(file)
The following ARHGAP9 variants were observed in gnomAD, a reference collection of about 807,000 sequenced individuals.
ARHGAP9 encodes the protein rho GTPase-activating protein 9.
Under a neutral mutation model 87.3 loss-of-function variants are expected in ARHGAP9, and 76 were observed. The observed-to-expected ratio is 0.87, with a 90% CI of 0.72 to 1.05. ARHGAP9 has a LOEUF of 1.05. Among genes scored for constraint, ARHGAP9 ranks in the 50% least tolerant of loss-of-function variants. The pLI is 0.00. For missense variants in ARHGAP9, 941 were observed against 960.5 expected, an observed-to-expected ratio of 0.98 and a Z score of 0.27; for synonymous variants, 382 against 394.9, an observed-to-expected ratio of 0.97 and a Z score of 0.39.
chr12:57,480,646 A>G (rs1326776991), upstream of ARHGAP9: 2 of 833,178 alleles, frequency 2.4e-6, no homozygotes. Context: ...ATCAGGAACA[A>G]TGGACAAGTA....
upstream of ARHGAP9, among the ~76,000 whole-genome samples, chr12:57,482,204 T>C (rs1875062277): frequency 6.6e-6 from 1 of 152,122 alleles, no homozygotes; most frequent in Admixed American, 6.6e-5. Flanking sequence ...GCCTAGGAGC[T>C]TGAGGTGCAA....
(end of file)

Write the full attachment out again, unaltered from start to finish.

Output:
The following ARHGAP9 variants were observed in gnomAD, a reference collection of about 807,000 sequenced individuals.
ARHGAP9 encodes the protein rho GTPase-activating protein 9.
Under a neutral mutation model 87.3 loss-of-function variants are expected in ARHGAP9, and 76 were observed. The observed-to-expected ratio is 0.87, with a 90% CI of 0.72 to 1.05. ARHGAP9 has a LOEUF of 1.05. Among genes scored for constraint, ARHGAP9 ranks in the 50% least tolerant of loss-of-function variants. The pLI is 0.00. For missense variants in ARHGAP9, 941 were observed against 960.5 expected, an observed-to-expected ratio of 0.98 and a Z score of 0.27; for synonymous variants, 382 against 394.9, an observed-to-expected ratio of 0.97 and a Z score of 0.39.
chr12:57,480,646 A>G (rs1326776991), upstream of ARHGAP9: 2 of 833,178 alleles, frequency 2.4e-6, no homozygotes. Context: ...ATCAGGAACA[A>G]TGGACAAGTA....
upstream of ARHGAP9, among the ~76,000 whole-genome samples, chr12:57,482,204 T>C (rs1875062277): frequency 6.6e-6 from 1 of 152,122 alleles, no homozygotes; most frequent in Admixed American, 6.6e-5. Flanking sequence ...GCCTAGGAGC[T>C]TGAGGTGCAA....